Doctors at Johns Hopkins University found that DNA could play a key role in determining someone's risk of suicide. The study, published in The American Journal of Psychiatry, found that the gene SKA2, which is involved in stress reaction, could predict suicide risk. The researchers conducted three experiments on brain samples from the deceased, and they conducted another three experiments using blood.
The Johns Hopkins team has previously studied postpartum depression risk factors, which they found were related to the body's level of the stress hormone cortisol. The new study found that people with less SKA2 had higher cortisol levels. In the study, researchers found that the brains of those who had died from suicide had less SKA2 than the brains of those who had died from other causes.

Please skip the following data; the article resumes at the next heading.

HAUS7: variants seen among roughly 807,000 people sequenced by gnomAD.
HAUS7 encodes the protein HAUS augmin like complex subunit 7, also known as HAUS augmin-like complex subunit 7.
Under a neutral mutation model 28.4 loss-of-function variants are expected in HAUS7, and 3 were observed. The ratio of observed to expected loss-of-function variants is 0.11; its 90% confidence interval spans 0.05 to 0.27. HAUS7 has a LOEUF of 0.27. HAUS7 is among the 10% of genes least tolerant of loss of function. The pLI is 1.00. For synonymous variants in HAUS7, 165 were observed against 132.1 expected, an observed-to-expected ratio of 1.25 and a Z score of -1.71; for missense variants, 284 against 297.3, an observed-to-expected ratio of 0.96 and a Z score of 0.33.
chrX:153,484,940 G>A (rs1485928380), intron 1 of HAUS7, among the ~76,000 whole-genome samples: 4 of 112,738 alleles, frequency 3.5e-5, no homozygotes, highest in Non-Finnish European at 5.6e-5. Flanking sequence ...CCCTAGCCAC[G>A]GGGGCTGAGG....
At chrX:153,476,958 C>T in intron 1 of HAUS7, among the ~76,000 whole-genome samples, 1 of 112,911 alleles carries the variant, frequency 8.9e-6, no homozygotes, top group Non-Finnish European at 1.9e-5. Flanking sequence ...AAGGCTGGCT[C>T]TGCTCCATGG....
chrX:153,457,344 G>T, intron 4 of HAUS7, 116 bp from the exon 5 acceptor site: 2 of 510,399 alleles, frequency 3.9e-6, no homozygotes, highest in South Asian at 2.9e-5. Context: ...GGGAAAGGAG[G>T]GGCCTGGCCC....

The researchers were then able to predict suicide risk with "80 to 90 percent accuracy based on the severity of the risk," The Daily Beast reports. The doctors are now planning to test new samples from military soldiers.
"If we can identify who is at risk, we may be able to intervene in effective ways," Dr. Zachary Kaminsky, lead author of the study, told The Daily Beast. "Notably, we could identify individuals in military populations who are more vulnerable to stress. We know they're going to be experiencing stress when they go off to combat."